Information Systems Implementation Failure: Insights from Prism

International Journal of Information Management, (28:4), 2008, pp. 259-269

Posted: 21 Apr 2013

See all articles by Gary Pan

Gary Pan

Singapore Management University - School of Accountancy

Ray Hackney

Brunel University London

Shan Pan

National University of Singapore (NUS)

Date Written: December 20, 2008

Abstract

This paper develops a theoretical framework and empirical formulation for describing and analyzing the information systems (IS) implementation process. Here, the sequential mapping of project events is integrated with the ‘Exchange Relations’ model of IS failure that identifies evolving recursive interactions. Three major IS implementation components are considered: the project organization, the information system and its supporters. Our model, referred to as process recursive interactive systems model (PRISM), demonstrates antecedent conditions, critical events and outcomes over the course of an IS implementation project lifecycle. It acts as a theoretical lens to make sense of the process where analysts may utilize PRISM in post-mortem analyses to diagnose the issues surrounding IS development and devise useful management strategies for any future system implementation. PRISM is formulated and illustrated within a structured case study of implementing an enterprise resource planning system (ERP) project. The contribution of the research is to enable formal analysis of critical incidents and their relations between preceding events and consequences which provide insights into potential project success or failure. It is believed that the findings will be of benefit to both academics and practitioners engaged in the complexities of ERP implementation.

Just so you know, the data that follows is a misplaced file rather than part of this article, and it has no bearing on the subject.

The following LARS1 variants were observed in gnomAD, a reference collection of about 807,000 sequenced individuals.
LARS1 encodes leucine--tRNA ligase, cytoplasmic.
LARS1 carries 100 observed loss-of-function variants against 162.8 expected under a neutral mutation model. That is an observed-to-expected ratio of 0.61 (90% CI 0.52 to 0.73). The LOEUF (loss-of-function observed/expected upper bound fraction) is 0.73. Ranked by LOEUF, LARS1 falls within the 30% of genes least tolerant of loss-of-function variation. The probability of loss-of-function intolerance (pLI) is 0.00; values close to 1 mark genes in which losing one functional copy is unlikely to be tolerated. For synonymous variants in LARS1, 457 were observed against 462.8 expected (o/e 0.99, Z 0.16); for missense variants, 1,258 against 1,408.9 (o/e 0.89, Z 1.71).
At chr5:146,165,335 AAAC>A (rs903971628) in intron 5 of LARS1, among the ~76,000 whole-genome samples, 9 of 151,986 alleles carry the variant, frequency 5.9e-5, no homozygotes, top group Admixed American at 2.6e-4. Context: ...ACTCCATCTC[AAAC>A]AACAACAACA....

Keywords: IS implementation, ERP, Failure, Process, Structured case analysis

JEL Classification: M40

Suggested Citation

Pan, Gary and Hackney, Ray and Pan, Shan, Information Systems Implementation Failure: Insights from Prism (December 20, 2008). International Journal of Information Management, (28:4), 2008, pp. 259-269. Available at SSRN: https://ssrn.com/abstract=2254201

Gary Pan (Contact Author)

Singapore Management University - School of Accountancy ( email )

60 Stamford Road
Singapore 178900
Singapore

Ray Hackney

Brunel University London ( email )

Kingston Lane
Uxbridge, Middlesex UB8 3PH
United Kingdom

Shan Pan

National University of Singapore (NUS) ( email )

Bukit Timah Road 469 G
Singapore, 117591
Singapore

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